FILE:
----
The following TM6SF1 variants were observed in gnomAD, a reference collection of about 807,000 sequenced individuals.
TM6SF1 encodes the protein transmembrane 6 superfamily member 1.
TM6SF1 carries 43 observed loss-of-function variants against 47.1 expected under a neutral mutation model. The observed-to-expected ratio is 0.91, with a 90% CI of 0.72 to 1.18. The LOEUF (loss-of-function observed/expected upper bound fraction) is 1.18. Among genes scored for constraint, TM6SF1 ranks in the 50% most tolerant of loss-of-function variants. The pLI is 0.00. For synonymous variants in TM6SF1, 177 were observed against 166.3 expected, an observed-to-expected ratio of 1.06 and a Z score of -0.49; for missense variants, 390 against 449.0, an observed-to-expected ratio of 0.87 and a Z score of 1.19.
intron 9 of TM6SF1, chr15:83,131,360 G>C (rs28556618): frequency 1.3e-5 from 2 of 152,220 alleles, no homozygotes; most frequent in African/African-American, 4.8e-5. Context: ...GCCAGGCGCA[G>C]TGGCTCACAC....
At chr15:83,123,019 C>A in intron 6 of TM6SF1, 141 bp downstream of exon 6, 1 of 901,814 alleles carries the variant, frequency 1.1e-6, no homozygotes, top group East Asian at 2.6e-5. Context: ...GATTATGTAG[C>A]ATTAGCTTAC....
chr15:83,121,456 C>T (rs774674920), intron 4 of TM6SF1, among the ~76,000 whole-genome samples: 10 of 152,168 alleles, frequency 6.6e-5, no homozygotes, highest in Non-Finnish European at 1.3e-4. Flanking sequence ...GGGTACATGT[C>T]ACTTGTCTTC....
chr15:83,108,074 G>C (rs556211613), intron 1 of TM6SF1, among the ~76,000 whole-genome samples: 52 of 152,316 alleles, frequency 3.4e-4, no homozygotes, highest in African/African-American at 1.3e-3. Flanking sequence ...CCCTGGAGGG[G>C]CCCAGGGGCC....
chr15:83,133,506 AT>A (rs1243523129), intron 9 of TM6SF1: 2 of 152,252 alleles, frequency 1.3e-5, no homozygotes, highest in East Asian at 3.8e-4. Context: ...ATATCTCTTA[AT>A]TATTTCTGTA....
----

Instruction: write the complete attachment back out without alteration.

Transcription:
The following TM6SF1 variants were observed in gnomAD, a reference collection of about 807,000 sequenced individuals.
TM6SF1 encodes the protein transmembrane 6 superfamily member 1.
TM6SF1 carries 43 observed loss-of-function variants against 47.1 expected under a neutral mutation model. The observed-to-expected ratio is 0.91, with a 90% CI of 0.72 to 1.18. The LOEUF (loss-of-function observed/expected upper bound fraction) is 1.18. Among genes scored for constraint, TM6SF1 ranks in the 50% most tolerant of loss-of-function variants. The pLI is 0.00. For synonymous variants in TM6SF1, 177 were observed against 166.3 expected, an observed-to-expected ratio of 1.06 and a Z score of -0.49; for missense variants, 390 against 449.0, an observed-to-expected ratio of 0.87 and a Z score of 1.19.
intron 9 of TM6SF1, chr15:83,131,360 G>C (rs28556618): frequency 1.3e-5 from 2 of 152,220 alleles, no homozygotes; most frequent in African/African-American, 4.8e-5. Context: ...GCCAGGCGCA[G>C]TGGCTCACAC....
At chr15:83,123,019 C>A in intron 6 of TM6SF1, 141 bp downstream of exon 6, 1 of 901,814 alleles carries the variant, frequency 1.1e-6, no homozygotes, top group East Asian at 2.6e-5. Context: ...GATTATGTAG[C>A]ATTAGCTTAC....
chr15:83,121,456 C>T (rs774674920), intron 4 of TM6SF1, among the ~76,000 whole-genome samples: 10 of 152,168 alleles, frequency 6.6e-5, no homozygotes, highest in Non-Finnish European at 1.3e-4. Flanking sequence ...GGGTACATGT[C>T]ACTTGTCTTC....
chr15:83,108,074 G>C (rs556211613), intron 1 of TM6SF1, among the ~76,000 whole-genome samples: 52 of 152,316 alleles, frequency 3.4e-4, no homozygotes, highest in African/African-American at 1.3e-3. Flanking sequence ...CCCTGGAGGG[G>C]CCCAGGGGCC....
chr15:83,133,506 AT>A (rs1243523129), intron 9 of TM6SF1: 2 of 152,252 alleles, frequency 1.3e-5, no homozygotes, highest in East Asian at 3.8e-4. Context: ...ATATCTCTTA[AT>A]TATTTCTGTA....